8. The learned Single Judge, in the impugned judgment noticed that the payment of tax at the compounded rate is an alternative to the regular method of payment and when an option is exercised by the assessee and accepted by the Department, it is not open for the Department, at a later point, to re-open the same unless to rectify an apparent computational mistake. Reliance was placed on Bhima Jewellery to hold authoritatively on this position. The learned Single Judge found that; in enabling compounding the assessee on the one hand had to compute 140% of the purchase value of the liquor and on the other 115% of the highest turnover tax payable by it as conceded in the return or accounts, or the turnover tax paid for any of the previous consecutive three years. Whichever is higher was to be adopted for the purpose of paying tax under the compounded scheme. The learned Single Judge found that the words employed in clause (b) of Section 7 that turnover tax payable as conceded in the return or accounts or the turnover tax actually paid; did not include the assessed tax. The specific observation was that the legislature consciously omitted a reference to the assessed tax of the previous years in the formula prescribed for compounding. Reliance was also placed on a Division Bench decision of this Court in State of Kerala v. Malabar Ornaments [(2013) 57 VST 309].

9. The learned Single Judge, who later referred the matter for consideration to a Division Bench, has more or less agreed with the propositions in the judgment impugned in the appeals. However, it was noticed that George Thomas, Joy Alukkas Traders and M/s.Divya Gold Palace Jewellery (P) Ltd. took a contrary view. We are essentially called upon to examine the said decisions of the Division Bench and decide as to whether the same can be accepted. In the event of our finding difficulty in accepting the propositions of the said decisions, definitely a reference has to be made to a Larger Bench.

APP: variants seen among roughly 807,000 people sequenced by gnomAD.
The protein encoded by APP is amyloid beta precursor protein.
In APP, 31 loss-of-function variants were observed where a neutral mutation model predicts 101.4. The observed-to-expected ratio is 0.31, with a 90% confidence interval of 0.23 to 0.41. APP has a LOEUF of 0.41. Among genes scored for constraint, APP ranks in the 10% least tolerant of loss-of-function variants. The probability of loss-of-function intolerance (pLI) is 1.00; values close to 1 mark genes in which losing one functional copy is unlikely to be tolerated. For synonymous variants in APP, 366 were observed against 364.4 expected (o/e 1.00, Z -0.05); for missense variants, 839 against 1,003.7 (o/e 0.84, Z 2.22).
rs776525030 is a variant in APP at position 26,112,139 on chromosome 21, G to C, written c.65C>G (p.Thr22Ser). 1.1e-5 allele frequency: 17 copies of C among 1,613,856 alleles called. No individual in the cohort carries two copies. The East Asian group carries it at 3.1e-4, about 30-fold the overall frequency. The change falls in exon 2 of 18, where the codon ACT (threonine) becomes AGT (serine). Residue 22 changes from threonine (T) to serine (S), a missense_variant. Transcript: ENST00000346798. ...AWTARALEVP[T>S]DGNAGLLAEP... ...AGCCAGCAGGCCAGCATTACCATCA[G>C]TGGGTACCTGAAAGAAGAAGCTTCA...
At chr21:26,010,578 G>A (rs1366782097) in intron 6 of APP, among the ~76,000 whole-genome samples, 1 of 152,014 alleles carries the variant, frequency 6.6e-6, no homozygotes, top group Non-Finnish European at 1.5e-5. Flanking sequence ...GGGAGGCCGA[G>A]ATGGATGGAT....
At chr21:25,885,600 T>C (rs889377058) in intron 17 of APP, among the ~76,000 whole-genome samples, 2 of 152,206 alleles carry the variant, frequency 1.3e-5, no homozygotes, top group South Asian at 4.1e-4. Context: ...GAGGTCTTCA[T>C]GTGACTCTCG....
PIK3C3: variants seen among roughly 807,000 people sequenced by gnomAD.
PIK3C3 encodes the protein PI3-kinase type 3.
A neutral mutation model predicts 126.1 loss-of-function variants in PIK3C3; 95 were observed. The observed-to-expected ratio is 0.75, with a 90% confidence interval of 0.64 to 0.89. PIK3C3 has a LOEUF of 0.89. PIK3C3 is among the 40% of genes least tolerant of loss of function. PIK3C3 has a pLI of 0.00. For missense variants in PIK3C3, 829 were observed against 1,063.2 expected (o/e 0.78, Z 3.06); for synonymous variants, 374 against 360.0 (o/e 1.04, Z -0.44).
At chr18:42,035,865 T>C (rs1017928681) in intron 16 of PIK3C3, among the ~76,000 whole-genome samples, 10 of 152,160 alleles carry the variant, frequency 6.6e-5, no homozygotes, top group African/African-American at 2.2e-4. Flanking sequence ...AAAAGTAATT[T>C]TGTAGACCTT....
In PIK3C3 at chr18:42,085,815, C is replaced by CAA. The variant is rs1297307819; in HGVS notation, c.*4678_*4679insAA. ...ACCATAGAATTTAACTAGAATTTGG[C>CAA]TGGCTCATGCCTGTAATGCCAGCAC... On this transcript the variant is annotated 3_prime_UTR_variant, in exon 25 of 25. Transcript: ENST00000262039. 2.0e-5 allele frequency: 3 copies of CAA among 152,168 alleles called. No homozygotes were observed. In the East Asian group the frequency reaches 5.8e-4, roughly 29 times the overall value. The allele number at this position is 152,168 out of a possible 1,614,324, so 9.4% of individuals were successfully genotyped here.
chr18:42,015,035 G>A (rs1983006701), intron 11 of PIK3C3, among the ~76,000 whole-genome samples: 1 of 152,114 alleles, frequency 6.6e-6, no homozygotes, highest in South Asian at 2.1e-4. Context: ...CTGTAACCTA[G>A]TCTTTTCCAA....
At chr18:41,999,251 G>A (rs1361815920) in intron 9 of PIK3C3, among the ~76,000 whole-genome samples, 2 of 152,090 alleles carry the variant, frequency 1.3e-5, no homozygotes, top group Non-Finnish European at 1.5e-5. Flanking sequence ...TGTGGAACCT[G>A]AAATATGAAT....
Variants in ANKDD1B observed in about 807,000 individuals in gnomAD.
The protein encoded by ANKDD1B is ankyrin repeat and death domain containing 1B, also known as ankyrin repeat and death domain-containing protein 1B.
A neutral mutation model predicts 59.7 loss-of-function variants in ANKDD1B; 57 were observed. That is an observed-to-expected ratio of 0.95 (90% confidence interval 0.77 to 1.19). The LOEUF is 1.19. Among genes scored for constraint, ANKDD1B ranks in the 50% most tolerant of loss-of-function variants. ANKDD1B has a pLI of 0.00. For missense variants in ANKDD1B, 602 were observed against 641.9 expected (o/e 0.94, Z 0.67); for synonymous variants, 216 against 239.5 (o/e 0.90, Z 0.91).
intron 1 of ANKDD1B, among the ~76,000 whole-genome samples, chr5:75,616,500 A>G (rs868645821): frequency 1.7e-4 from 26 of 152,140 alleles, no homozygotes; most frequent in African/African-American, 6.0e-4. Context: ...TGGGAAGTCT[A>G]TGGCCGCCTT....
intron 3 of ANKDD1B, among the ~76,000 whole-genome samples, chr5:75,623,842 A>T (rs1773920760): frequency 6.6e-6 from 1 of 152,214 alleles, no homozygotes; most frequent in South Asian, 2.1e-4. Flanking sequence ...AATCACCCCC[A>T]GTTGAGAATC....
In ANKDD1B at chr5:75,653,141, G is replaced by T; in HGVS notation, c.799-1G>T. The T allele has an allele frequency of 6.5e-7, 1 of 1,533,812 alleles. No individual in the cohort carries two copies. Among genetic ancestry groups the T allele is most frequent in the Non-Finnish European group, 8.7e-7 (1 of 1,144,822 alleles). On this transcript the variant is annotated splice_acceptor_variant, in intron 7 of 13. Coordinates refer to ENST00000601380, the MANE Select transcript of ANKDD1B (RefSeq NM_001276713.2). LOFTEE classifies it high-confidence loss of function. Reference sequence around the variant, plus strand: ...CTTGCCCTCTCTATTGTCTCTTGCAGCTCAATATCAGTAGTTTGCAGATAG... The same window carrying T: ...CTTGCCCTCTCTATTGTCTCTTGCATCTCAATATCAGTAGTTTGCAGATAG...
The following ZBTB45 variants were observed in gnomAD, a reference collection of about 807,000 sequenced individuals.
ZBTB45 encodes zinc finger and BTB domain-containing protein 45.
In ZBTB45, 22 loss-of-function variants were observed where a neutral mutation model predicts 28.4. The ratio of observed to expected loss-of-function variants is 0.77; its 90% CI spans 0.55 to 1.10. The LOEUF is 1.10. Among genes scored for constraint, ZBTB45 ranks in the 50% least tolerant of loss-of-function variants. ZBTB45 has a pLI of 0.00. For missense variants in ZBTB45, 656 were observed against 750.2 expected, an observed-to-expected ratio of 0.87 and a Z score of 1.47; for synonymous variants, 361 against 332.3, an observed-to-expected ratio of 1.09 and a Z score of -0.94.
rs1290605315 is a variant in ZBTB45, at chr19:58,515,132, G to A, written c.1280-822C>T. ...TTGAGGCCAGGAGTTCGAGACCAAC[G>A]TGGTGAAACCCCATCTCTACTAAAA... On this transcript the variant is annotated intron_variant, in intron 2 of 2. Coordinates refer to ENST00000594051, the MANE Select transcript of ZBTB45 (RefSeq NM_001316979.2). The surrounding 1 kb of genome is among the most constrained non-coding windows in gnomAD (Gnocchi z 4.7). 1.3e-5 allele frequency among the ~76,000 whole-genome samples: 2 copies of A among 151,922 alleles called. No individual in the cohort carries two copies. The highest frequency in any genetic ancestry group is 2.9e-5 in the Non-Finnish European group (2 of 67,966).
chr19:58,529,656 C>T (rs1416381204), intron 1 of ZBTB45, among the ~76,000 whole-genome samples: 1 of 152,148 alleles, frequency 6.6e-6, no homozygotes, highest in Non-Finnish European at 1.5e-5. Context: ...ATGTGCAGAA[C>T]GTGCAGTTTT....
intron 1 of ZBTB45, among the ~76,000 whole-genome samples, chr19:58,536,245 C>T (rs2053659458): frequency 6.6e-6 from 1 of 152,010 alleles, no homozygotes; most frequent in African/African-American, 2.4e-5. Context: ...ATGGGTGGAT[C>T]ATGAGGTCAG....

10. Joy Alukkas Traders was a single registered dealer with a Head Office and three branches who, under Section 7 compounded only for two of the branches. The Head Office and a branch continued under the regular scheme of Section 5. Pausing here, we have to record acceptance of the argument of Sri. Shamsudeen that a regular assessment is one in which the tax is assessed under Section 5 following the procedure under Section 17. An assessment was made in the case of the Head Office and one branch under Section 5 and in the two branches, which opted for compounding, under Section 7. The Deputy Commissioner invoked Section 35 to revise the assessment, holding that there can be no piece-meal compounding of an assessee's turnover and directed the entire business to be assessed under Section 7. The, contention raised of no interference to the compounding granted, especially for reason of there being a bilateral contract, from which the State cannot resile unilaterally was negatived on the facts.

11. The Division Bench held so in paragraph 7 of the decision thus:

“7. ... It is clear from Form No.21A and Form No.22 issued under Rule 30 that the payment of tax based on the approval and the demand notice are only provisional and the same has to find acceptance in a regular assessment. In other words, even if there is a mistake or omission in the approval granted by the assessing officer, it is within his powers to modify such order and demand the tax escaped under the compounding scheme in regular assessment or later by revising assessment under Section 19(1).

xxx ... When a regular assessment is completed by the assessing officer, his earlier orders issued in Form No.21A and Form No.22 for payment of tax under compounding scheme do not survive any longer because the final assessment supersedes all those proceedings. No purpose will be served by modifying those orders which have lost significance once assessments are made.”